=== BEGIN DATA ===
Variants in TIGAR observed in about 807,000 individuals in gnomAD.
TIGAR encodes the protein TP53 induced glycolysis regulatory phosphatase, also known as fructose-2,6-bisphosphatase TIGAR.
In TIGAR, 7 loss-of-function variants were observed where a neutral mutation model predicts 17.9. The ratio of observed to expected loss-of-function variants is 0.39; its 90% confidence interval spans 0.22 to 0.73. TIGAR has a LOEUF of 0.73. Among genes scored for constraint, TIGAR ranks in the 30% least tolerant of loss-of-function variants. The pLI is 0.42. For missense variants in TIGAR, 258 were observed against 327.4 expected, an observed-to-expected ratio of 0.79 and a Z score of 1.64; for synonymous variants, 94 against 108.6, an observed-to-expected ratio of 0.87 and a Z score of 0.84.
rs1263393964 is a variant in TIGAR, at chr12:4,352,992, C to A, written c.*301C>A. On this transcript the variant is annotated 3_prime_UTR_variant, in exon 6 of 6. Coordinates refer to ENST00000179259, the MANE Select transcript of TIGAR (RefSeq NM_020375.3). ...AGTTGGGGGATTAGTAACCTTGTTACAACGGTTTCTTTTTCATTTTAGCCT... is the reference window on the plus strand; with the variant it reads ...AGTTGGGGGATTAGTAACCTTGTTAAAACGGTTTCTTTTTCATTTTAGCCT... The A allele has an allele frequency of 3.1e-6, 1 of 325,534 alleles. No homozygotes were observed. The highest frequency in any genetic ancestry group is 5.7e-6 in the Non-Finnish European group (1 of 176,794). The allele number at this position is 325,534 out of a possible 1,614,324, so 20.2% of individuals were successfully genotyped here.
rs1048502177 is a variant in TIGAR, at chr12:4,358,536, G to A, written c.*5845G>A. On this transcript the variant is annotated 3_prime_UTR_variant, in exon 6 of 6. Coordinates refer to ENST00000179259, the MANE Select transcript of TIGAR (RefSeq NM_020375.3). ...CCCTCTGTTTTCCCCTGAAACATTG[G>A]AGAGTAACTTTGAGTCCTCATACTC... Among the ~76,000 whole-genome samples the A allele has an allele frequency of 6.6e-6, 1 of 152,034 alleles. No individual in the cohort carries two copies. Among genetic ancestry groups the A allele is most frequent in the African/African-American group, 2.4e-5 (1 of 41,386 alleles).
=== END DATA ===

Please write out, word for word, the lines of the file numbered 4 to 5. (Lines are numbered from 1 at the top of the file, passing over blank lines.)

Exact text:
rs1263393964 is a variant in TIGAR, at chr12:4,352,992, C to A, written c.*301C>A. On this transcript the variant is annotated 3_prime_UTR_variant, in exon 6 of 6. Coordinates refer to ENST00000179259, the MANE Select transcript of TIGAR (RefSeq NM_020375.3). ...AGTTGGGGGATTAGTAACCTTGTTACAACGGTTTCTTTTTCATTTTAGCCT... is the reference window on the plus strand; with the variant it reads ...AGTTGGGGGATTAGTAACCTTGTTAAAACGGTTTCTTTTTCATTTTAGCCT... The A allele has an allele frequency of 3.1e-6, 1 of 325,534 alleles. No homozygotes were observed. The highest frequency in any genetic ancestry group is 5.7e-6 in the Non-Finnish European group (1 of 176,794). The allele number at this position is 325,534 out of a possible 1,614,324, so 20.2% of individuals were successfully genotyped here.
rs1048502177 is a variant in TIGAR, at chr12:4,358,536, G to A, written c.*5845G>A. On this transcript the variant is annotated 3_prime_UTR_variant, in exon 6 of 6. Coordinates refer to ENST00000179259, the MANE Select transcript of TIGAR (RefSeq NM_020375.3). ...CCCTCTGTTTTCCCCTGAAACATTG[G>A]AGAGTAACTTTGAGTCCTCATACTC... Among the ~76,000 whole-genome samples the A allele has an allele frequency of 6.6e-6, 1 of 152,034 alleles. No individual in the cohort carries two copies. Among genetic ancestry groups the A allele is most frequent in the African/African-American group, 2.4e-5 (1 of 41,386 alleles).